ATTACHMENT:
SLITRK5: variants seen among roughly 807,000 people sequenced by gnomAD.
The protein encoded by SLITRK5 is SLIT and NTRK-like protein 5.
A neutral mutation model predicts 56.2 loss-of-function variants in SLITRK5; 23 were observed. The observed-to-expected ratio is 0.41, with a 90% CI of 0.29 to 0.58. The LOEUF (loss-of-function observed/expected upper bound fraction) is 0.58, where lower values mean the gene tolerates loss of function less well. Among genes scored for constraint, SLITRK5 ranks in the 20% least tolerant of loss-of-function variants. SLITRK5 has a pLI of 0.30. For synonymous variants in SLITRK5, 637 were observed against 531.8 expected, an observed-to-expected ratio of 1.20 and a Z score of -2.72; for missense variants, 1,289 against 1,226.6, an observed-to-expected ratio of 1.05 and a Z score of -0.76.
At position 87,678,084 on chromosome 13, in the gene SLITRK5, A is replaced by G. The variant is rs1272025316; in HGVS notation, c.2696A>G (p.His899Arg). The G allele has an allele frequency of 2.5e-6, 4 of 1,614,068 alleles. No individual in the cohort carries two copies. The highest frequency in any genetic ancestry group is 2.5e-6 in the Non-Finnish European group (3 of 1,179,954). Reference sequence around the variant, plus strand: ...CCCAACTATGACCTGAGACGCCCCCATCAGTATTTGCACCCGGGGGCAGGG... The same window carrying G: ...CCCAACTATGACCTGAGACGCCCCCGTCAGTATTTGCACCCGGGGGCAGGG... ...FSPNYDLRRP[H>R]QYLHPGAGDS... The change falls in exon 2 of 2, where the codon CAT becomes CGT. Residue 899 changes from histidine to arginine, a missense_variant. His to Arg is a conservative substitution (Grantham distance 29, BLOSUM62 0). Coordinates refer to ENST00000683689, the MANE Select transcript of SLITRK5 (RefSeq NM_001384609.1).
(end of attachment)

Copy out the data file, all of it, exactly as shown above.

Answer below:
SLITRK5: variants seen among roughly 807,000 people sequenced by gnomAD.
The protein encoded by SLITRK5 is SLIT and NTRK-like protein 5.
A neutral mutation model predicts 56.2 loss-of-function variants in SLITRK5; 23 were observed. The observed-to-expected ratio is 0.41, with a 90% CI of 0.29 to 0.58. The LOEUF (loss-of-function observed/expected upper bound fraction) is 0.58, where lower values mean the gene tolerates loss of function less well. Among genes scored for constraint, SLITRK5 ranks in the 20% least tolerant of loss-of-function variants. SLITRK5 has a pLI of 0.30. For synonymous variants in SLITRK5, 637 were observed against 531.8 expected, an observed-to-expected ratio of 1.20 and a Z score of -2.72; for missense variants, 1,289 against 1,226.6, an observed-to-expected ratio of 1.05 and a Z score of -0.76.
At position 87,678,084 on chromosome 13, in the gene SLITRK5, A is replaced by G. The variant is rs1272025316; in HGVS notation, c.2696A>G (p.His899Arg). The G allele has an allele frequency of 2.5e-6, 4 of 1,614,068 alleles. No individual in the cohort carries two copies. The highest frequency in any genetic ancestry group is 2.5e-6 in the Non-Finnish European group (3 of 1,179,954). Reference sequence around the variant, plus strand: ...CCCAACTATGACCTGAGACGCCCCCATCAGTATTTGCACCCGGGGGCAGGG... The same window carrying G: ...CCCAACTATGACCTGAGACGCCCCCGTCAGTATTTGCACCCGGGGGCAGGG... ...FSPNYDLRRP[H>R]QYLHPGAGDS... The change falls in exon 2 of 2, where the codon CAT becomes CGT. Residue 899 changes from histidine to arginine, a missense_variant. His to Arg is a conservative substitution (Grantham distance 29, BLOSUM62 0). Coordinates refer to ENST00000683689, the MANE Select transcript of SLITRK5 (RefSeq NM_001384609.1).